Who’s That Yokai? 5 Pokémon Based On Japanese Folklore

The world of Pokémon is populated by a wide variety of fantastical creatures. One of the biggest appeals of the franchise is discovering so many of these cute, bizarre and awesome looking critters. But where do Pokémon come from? Many are based on real life animals, but some have a more interesting origin. Yokai are spirits and demons that appear very frequently in Japanese folklore, and many of these beings inspired some of the Pocket-monsters we know and love.

Drowzee – Baku

It might seem creepy that Pokedex entries for Drowzee often mention that this creature eats dreams. Well, the strange diet and tapir-like appearance are similar to that of the mythical Baku. These spirits are the protectors of mankind, and evil spirits fear them. They can be found included in good luck charms throughout Japanese history.

 

Whiscash – Namazu

Bearing a strong resemblance to a giant catfish and having a tendency to create earthquakes, Whiscash draws heavy inspiration from a very famous creature in Japanese folklore. The Namazu lives beneath the Earth and loves to cause destruction. Kashima, a god, has to restrain the Namazu with a stone to stop it from thrashing around. But, when he slacks at this task the fish is free to move and cause devastating earthquakes.

 

Exeggutor – Jinmenju

Often thought of as a funny-looking monster, it might be a surprise that Exeggutor is actually based on a mythical being. The Jinmenju is a tree believed to be found in secluded mountain valleys from Japan to China, and bears fruit that looks like human faces. These faces can’t talk, but they do constantly laugh. Sometimes if the tree laughs too hard then the fruits will fall off.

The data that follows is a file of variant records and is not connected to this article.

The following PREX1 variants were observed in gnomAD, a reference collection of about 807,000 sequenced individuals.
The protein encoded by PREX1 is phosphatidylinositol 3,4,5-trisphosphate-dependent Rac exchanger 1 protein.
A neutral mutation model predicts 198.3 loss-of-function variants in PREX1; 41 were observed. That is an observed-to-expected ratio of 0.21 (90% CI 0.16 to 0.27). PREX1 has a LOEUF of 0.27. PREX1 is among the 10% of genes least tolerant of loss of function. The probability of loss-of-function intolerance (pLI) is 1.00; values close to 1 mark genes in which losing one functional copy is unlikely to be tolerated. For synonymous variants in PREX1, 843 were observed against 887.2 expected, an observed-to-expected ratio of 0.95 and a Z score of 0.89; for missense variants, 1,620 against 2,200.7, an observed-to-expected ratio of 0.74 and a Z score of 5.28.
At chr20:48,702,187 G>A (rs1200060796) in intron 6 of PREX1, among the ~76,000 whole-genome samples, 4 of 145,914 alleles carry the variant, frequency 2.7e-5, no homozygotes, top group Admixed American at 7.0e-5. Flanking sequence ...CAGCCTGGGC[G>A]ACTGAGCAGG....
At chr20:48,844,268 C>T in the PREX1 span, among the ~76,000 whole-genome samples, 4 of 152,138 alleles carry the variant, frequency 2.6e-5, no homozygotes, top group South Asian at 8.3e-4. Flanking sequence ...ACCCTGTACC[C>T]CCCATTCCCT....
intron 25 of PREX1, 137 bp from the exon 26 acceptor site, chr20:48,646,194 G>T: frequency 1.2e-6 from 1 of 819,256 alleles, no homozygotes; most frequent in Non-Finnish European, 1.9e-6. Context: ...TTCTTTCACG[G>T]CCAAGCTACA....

Dusclops – Chochin-obake

While some might think it looks like a mummy, the Dusclops Pokémon is in fact based on a hollow Japanese paper lantern. When such a lantern has been in use for 100 hundred years, the belief is that it will come to life as a Chochin-obake. The paper splits along a ridge to create a mouth, and an eye opens up in the top. Sometimes the lantern will grow arms and legs too, just like the Dusclops.

 

Mawile – Futakuchi-onna

Despite being a fairy-type, this Pokémon is anything but sweet. The Mawile is inspired by the myth of the Futakuchi-onna, a woman who has been transformed into a yokai as the result of a curse. This spirit takes the form of a regular human woman, except she has a second functional mouth on the back of her head. Her hair acts like tentacles and often feeds the second mouth. On Mawile, the hair and mouth are combined.